- A Beautiful Mind's John Nash is less complex than the real one. - By Chris Suellentrop - Slate Magazine
Here's what's true in Ron Howard's movie A Beautiful Mind—or, at least, here's what corresponds to Sylvia Nasar's biography of the same name: The mathematician John Forbes Nash Jr. attended graduate school at Princeton, where he was arrogant, childish, and brilliant. His doctoral thesis on the so-called "Nash equilibrium" revolutionized economics. Over time, he began to suffer delusions. He was hospitalized for paranoid schizophrenia, administered insulin shock therapy, and released...
Note: see also: http://nobelprize.org/nobel_prizes/economics/laureates/1994/nash-autobio.html and perhaps more interestingly: http://en.wikipedia.org/w/index.php?title=John_Forbes_Nash&oldid=82692709
- Andrew Wiles, Wikipedia
Sir Andrew John Wiles (born April 11, 1953) is a British-American mathematician, the Eugene Higgins Professor of Mathematics at Princeton University, Princeton mathematics department chair, and member of scientific advisory board of the Clay Mathematics Institute. One of the major highlights of his career has been an announcement of a proof of Fermat's Last Theorem in 1993 and a discovery of a beautiful method to complete that proof in 1994.
9999 adam alberto alma andrew andrey andré anne ast calderón kolmogorov mater otter riess search sofie special von weil wiles
- Burkard Polster
Department of Mathematics and Statistics, Monash University. Areas of interest: -finite and topological geometry -combinatorial designs -group theory -history of mathematics -classical interpolation theory -computer visualisation -mathematics education and outreach -any kind of fun mathematics
ambigram juggling mathematics pottery stereogram unicycling
Note: His homepage at Monash is: http://www.maths.monash.edu.au/staff/bpolster.html
- Mathemagics--the art of mental calculation
Dr. Arthur Benjamin is both a professor of mathematics and a magician. He has combined his two loves to create a dynamic presentation called "Mathemagics," suitable for all audiences, where he demonstrates and explains his secrets for performing rapid mental calculations faster than a calculator. Reader's Digest calls him "America's Best Math Whiz". He has presented his high energy talk on over a thousand occasions to audiences throughout the world. Dr. Benjamin has appeared on many television and radio programs, including: The Today Show, CNN, Amazing Discoveries! and National Public Radio. He has been profiled in The New York Times, Los Angeles Times, USA Today, Scientific American, Discover Magazine, Omni Magazine, Esquire Magazine, People Magazine, and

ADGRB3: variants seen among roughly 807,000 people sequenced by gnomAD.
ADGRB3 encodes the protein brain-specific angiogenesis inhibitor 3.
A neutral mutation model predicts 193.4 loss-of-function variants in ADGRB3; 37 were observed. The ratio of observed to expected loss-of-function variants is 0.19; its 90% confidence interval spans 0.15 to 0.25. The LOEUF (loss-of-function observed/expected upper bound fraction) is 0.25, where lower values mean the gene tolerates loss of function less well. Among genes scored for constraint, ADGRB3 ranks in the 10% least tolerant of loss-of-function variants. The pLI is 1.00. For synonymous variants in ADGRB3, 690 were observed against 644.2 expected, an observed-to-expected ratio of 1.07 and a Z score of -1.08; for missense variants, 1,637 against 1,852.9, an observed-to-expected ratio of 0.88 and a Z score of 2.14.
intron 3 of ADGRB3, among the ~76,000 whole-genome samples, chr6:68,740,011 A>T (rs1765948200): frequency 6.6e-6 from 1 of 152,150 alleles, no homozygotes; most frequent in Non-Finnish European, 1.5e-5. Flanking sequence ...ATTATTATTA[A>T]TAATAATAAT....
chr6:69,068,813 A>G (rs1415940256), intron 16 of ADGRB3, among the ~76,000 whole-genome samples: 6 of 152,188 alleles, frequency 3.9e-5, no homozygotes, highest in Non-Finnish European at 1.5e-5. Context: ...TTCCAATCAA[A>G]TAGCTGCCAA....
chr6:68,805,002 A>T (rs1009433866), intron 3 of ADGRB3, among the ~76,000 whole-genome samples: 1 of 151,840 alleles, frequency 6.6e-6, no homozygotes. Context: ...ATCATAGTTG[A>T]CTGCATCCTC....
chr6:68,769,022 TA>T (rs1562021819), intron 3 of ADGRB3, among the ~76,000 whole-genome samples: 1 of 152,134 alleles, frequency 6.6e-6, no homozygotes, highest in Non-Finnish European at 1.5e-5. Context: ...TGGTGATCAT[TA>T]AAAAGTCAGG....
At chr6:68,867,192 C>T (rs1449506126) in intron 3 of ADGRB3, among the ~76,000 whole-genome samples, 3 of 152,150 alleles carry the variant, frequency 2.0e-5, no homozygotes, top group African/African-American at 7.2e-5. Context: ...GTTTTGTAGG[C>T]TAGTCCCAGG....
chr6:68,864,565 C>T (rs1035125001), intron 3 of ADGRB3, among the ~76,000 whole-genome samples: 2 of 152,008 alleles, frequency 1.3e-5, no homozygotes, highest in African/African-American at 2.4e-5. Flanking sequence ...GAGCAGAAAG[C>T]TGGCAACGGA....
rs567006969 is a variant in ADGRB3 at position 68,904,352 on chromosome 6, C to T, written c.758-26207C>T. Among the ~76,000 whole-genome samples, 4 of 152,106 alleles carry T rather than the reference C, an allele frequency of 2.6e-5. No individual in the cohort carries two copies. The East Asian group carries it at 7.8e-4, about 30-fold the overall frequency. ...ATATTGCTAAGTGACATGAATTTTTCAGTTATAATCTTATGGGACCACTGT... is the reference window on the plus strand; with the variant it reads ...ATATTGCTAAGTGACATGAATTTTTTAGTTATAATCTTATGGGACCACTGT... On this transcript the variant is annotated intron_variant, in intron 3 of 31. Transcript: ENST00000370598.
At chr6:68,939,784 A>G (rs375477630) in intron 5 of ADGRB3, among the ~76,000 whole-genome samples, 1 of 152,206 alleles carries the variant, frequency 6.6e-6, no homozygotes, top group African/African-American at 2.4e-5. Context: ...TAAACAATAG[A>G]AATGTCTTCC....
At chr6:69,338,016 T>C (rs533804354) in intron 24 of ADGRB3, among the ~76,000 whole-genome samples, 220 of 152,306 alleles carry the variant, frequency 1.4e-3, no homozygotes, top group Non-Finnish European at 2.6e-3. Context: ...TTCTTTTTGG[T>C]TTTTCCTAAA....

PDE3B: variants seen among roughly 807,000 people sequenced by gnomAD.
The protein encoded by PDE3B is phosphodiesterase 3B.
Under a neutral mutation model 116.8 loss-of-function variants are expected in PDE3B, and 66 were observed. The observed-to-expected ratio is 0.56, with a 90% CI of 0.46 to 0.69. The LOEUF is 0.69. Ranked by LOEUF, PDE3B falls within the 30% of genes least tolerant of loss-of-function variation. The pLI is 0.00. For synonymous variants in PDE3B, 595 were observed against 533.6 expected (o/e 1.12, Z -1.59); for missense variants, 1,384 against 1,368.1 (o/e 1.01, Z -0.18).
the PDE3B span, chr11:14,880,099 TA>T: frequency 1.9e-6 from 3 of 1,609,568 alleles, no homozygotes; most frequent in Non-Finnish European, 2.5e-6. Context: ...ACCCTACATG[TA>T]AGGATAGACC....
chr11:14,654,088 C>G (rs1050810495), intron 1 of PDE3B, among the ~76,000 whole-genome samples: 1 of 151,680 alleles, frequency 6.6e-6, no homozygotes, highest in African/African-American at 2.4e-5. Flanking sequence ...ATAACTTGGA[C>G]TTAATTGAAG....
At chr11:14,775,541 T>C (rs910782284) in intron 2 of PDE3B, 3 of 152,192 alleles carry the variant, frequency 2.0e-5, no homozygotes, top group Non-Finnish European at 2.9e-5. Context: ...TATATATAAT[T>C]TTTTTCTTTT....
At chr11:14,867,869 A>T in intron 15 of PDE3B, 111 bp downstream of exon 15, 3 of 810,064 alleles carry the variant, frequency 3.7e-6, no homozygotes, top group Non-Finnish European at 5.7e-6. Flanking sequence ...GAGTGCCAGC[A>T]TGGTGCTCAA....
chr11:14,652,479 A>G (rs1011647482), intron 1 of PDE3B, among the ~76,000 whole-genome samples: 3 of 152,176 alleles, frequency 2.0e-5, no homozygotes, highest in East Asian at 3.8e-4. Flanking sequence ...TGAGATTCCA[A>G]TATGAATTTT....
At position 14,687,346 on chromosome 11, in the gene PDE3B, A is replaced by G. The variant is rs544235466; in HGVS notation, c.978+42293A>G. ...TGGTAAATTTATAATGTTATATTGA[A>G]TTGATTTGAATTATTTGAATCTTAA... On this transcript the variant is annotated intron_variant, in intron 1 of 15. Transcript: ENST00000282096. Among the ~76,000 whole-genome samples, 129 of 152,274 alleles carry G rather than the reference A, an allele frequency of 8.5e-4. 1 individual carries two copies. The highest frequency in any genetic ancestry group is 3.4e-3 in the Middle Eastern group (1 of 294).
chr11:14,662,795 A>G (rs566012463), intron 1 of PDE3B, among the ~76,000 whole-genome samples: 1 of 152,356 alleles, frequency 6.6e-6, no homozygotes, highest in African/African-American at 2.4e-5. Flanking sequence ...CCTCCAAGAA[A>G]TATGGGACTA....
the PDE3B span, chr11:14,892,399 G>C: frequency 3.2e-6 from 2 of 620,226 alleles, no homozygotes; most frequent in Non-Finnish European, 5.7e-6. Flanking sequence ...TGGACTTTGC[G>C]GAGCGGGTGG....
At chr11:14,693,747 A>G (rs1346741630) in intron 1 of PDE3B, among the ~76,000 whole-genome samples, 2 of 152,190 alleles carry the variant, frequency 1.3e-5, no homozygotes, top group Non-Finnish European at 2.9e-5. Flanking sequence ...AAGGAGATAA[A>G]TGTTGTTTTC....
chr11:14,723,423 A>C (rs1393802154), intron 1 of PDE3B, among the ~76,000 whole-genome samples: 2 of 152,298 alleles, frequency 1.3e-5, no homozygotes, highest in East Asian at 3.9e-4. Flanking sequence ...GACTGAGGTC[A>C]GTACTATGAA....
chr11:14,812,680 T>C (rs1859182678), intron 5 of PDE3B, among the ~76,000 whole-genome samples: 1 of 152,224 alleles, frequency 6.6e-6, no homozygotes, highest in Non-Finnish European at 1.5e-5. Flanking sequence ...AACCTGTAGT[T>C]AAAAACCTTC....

Note: Art Benjamin (Harvey Mudd College) Szental Lecture Theatre, La Trobe University 4:00pm June 23, 2005 http://www.latrobe.edu.au/mathstats/seminars/2005_seminars.html The lecture I went to.
- Optimnem: The Official Website of Daniel Tammet
Daniel Tammet is a high-functioning autistic savant. He can calculate huge sums in his head in seconds and instantaneously recognise prime numbers, but he finds emotions difficult to understand and has trouble telling left from right. One of fewer than fifty such people living worldwide, Daniel is unique in his ability to articulate his savant experience. He describes his visual experience of numbers as complex synaesthetic shapes with colour, texture and motion. Thirty-seven is lumpy like porridge, while eighty-nine reminds him of falling snow. Sequences of digits form visual landscapes in his mind.
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Note: (wiki) Daniel Paul Tammet (born January 31, 1979) is a British autistic savant (though he has learnt how to manage social interaction) gifted with a facility for mathematics problems, sequence memory, and natural language learning. He was born with congenital childhood epilepsy. Experiencing numbers ...more as colors or sensations is a well-documented form of synesthesia, but Tammet is unique in how specific and detailed his mental imagery of numbers is.
- Wisconsin Medical Society - Savant Profile, Daniel Tammet
Exerpts from: The Boy With The Incredible Brain that was broadcast on Five on May 24, 2005 (also broadcast under the title "Brainman") Daniel Tammet first came to worldwide attention in March 2004 on international Pi Day (3/14, of course) when he recited, from memory, Pi to 22,514 decimal places. It took over five hours and set a new European record. The event, which Daniel named "Pi in the Sky", coincided with Einstein's birthday and took place in front of Einstein's blackboard at the Museum of the History of Science in Oxford, England. Daniel used that event to raise funds for the National Society for Epilepsy because it was after a series of childhood seizures that his extraordinary number and memory abilities began, aligning him with that rare circumsta
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